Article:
• 65. Physical  Internet  addressing  logisHcs  inefficiency  and  unsustainability  symptoms   ?86/%*-(C)&$2)$&(78*2*%&$2/&/% ! " # $ % & ( ) !* !! !" !# A$""$.(2$-/*"/-/&6(*).(2$/-/$)%$(1>( !+$)(+$2>123*)%$(31)/&12/)9(*).( ?21.,%&(.$/9)(>12(%1)&*/)$2/@*&/1) ?21.,%&(3*&$2/*-/@*&/1)()$*2(&1( 71)&*/)$2(8*).-/)9(*).(&12*9$( !+$)(/)>2*&2,%&,2*-(/))15*&/1) !"#$%&($)%*+,-*&$.(/)(012-.( 4)/>/$.(3,-&/=&/$2(%1)%$+&,*-( :3*2&()$&012;$.(%1)&*/)$2( &*).*2.(31.,-*2(%1)&*/)$2 </&2/",&$.(3,-&/=$93$)&( B,/)$(31.$-(/))15*&/1) 4)/5$2*-(/)&$2%1))$%&/5/&6 $3"$../)9(3*2&(1"#$%& !+$)(9-1"*-(,++-6(0$" %*+*"/-/&6(%$2&/>/%*&/1) /)&$231.*-(&2*)+12& +1/)&(1>(,$ >2*3$012; 4),&*/)*"/-/&6(63+&13 )$&012; 6&$3 "#$%&#$()**)+,$%)&$ ! %+-$*%./%,)+, 12*34$3&%5#6$)$3(#$ 0 +7&2$&%3(#&$3(%+$3(#$ #8.#*3)7+ :&;./#&$(%5#$<#.72#$ 9 3(#$27-#&+$.7=<74 ?&7-;.3$27364$)3$ )-6#@$37&#-$=(#&#$ > ;++##-#-@$4#3$7$7A3#+$ ;+%5%)6%<6#$A%3$=(#&#$ +##-#- ?&7-;.3)7+$%+-$37&%,#$ B A%.)6)3)#$%&#$*77&64$ ;#- D7$2%+4$*&7-;.3$%&#$ C +#5#&$76-@$+#5#&$;#- ?&7-;.3$-7$+73$&#%.($ E 3(7#$=(7$+##-$3(#2$ 3(#$273 ?&7-;.3$;++#.#%&)64$ F 275#@$.&).&7)+,$3(#$ =7&6- H%3$I$&#6)%<6#$ G )+3#&27-%6$3&%+*7&3$)$ 3)66$%$-&#%2$7&$%$J7/# L#33)+,$*&7-;.3$)+$%+-$ !K 7;3$7A$.)3)#$)$%$ +),(32%&# M#3=7&/$%&#$+#)3(#&$ !! #.;&#$+7&$&7<;3 D2%&3$%;372%3)7+$I$ !0 3#.(+767,4$%&#$(%&-$37$ J;3)A4 !9 N++75%3)7+$)$3&%+,6#- Physical  Internet  Manifesto,  version  1.10     Professor  Benoit  Montreuil,  CIRRELT,  Université  Laval   2011-06-28, 65/51  
  • 66. Realizing  the  Vision  Evolving  towards  a  worldwide  Physical  Internet     Physical  Internet  Manifesto,  version  1.10     Professor  Benoit  Montreuil,  CIRRELT,  Université  Laval   2011-06-28, 66/51  
  • 67. The  Physical  Internet   Global  systemic  sustainable  vision   sHmulaHng  and  aligning  acHon  around  the  world  Individual  iniHaHves  by  businesses,  industries  and  governments   are  necessary  but  are  not  sufficient   There  is  a  need  for   a  macroscopic,  holisHc,  systemic  vision  offering   a  unifying,  challenging  and  sHmulaHng  framework   There  is  a  need  for   an  interlaced  set  of  global  and  local  iniHaHves     towards  this  vision,   building  on  the  shoulders  of  current  assets  and  projects,   to  help  evolve   from  the  current  globally  inefficient  and  unsustainable  state   to  a  desired  globally  efficient  and  sustainable  state   Physical  Internet  Manifesto,  version  1.10     Professor  Benoit  Montreuil,  CIRRELT,  Université  Laval   2011-06-28, 67/51  
  • 68. Physical  Internet  ImplementaHon   Progressive  Deployment,  CohabitaHon  and  CerHficaHon   The  widespread  development  and  deployment   of  the  Physical  Internet   will  not  be  achieved  overnight  in  a  Big-­‐Bang  logic   but  rather  in  an  ongoing  logic   of  cohabitaHon  and  of  progressive  deployment,   propelled  by  the  actors   integraHng  gradually  the  Physical  Internet  ways  and  finding  ever  more  value  in  its  usage  and  exploitaHon   Physical  Internet  Manifesto,  version  1.10     Professor  Benoit  Montreuil,  CIRRELT,  Université  Laval   2011-06-28, 68/51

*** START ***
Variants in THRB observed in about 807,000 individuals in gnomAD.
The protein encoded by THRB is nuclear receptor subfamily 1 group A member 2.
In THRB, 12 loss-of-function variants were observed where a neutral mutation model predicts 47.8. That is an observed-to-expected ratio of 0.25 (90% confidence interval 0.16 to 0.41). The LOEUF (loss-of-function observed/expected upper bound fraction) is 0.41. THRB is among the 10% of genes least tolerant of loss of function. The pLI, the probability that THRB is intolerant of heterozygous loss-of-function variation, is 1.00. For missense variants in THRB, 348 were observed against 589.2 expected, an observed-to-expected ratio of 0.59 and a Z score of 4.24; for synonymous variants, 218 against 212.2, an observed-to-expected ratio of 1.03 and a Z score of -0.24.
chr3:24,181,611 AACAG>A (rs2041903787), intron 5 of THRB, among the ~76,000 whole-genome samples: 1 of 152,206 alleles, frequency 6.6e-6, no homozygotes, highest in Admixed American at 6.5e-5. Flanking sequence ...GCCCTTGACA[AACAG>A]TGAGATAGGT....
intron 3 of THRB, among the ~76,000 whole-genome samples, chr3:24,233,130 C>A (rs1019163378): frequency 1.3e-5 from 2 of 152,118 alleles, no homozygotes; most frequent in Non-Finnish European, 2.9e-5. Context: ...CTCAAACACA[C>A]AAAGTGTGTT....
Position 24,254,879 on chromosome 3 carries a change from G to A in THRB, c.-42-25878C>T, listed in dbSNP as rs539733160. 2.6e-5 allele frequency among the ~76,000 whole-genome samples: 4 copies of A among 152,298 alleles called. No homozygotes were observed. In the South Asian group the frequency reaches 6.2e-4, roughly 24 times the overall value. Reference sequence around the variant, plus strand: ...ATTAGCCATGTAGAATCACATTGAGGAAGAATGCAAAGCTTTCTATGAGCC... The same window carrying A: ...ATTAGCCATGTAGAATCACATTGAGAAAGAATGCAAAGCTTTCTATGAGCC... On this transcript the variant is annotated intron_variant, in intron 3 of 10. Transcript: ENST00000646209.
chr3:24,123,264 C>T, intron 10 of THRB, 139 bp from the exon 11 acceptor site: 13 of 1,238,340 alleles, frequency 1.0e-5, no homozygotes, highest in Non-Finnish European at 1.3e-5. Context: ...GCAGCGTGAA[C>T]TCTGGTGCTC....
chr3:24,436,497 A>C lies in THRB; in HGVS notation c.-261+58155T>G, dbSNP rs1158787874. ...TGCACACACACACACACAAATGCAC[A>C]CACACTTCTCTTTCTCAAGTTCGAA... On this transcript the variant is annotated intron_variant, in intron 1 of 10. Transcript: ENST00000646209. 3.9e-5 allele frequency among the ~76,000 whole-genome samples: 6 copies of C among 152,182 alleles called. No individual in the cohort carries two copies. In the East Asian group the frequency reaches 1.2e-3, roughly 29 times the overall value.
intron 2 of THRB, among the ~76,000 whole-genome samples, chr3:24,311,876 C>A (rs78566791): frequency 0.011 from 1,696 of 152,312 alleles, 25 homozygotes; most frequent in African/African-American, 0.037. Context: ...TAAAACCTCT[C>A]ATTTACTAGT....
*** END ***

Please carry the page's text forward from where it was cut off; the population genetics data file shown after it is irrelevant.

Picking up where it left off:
• 69. Physical  Internet  ImplementaHon   Progressive  Deployment,  CohabitaHon  and  CerHficaHon  F A  smooth  transiHon   starHng  with  rethinking  and  retrofigng  phases,   then  moving  toward  more  transformaHve  phases  F The  Physical  Internet  can  consHtute  itself   progressively  through  the  mulH-­‐level  cerHficaHon  of:   –  Protocols   –  Containers   –  Handling  and  storage  technologies,  distribuHon  centers,   producHon  centers,  train  staHons,  ports,  mulHmodal  hubs   –  InformaHon  systems  (e.g.  reservaHon,  smart  labels,  portals)   –  Urban  zones  and  regions,  inter-­‐country  borders   Physical  Internet  Manifesto,  version  1.10     Professor  Benoit  Montreuil,  CIRRELT,  Université  Laval   2011-06-28, 69/51  
  • 70. Conclusion   (1/2)  This  manifesto  has  outlined  a  bold  paradigm  breaking  vision   for  the  future  of   how  we  handle,  store,  transport,  realize,  supply  and  use   physical  objects  across  the  world   It  proposes  to  exploit  the  Internet,   which  has  revoluHonized  the  digital  world,   as  an  underlying  metaphor  for  steering  innovaHon   in  the  physical  sphere   The  outlined  Physical  Internet  does  not  aim   to  copy  the  Digital  Internet,   but  to  inspire  the  creaHon  of   a  bold  systemic  wide  encompassing  vision  capable  of  providing  real  efficient  and  sustainable  soluHons   to  the  problems  created  by  our  past  and  current  ways   and  by  our  vision  toward  which  we  should  aim   Physical  Internet  Manifesto,  version  1.10     Professor  Benoit  Montreuil,  CIRRELT,  Université  Laval   2011-06-28, 70/51  
  • 71. Conclusion   (2/2)   With  this  manifesto  and  its  underlying  research,   a  small  step  has  been  made     A  lot  more  are  needed  to  really  shape  this  vision   and,  much  more  important,  to  give  it  flesh  through  real  iniHaHves  and  projects   so  as  to  really  influence  in  a  posiHve  way   our  collecHve  future   This  requires  a  lot  of  collaboraHon   between  academia,  industry  and  governments   across  localiHes,  countries  and  conHnents   Your  help  is  welcome   Physical  Internet  Manifesto,  version  1.10     Professor  Benoit  Montreuil,  CIRRELT,  Université  Laval   2011-06-28, 71/51  
  • 72.   Questions and comments are welcome Questions et commentaires sont les bienvenus Fragen und Kommentare sind willkommenLas preguntas y los comentarios son bienvenidos     Benoit.Montreuil@cirrelt.ulaval.ca     www.physicalinterneHniHaHve.org   Physical  Internet  Manifesto,  version  1.10     Professor  Benoit  Montreuil,  CIRRELT,  Université  Laval   2011-06-28, 72/51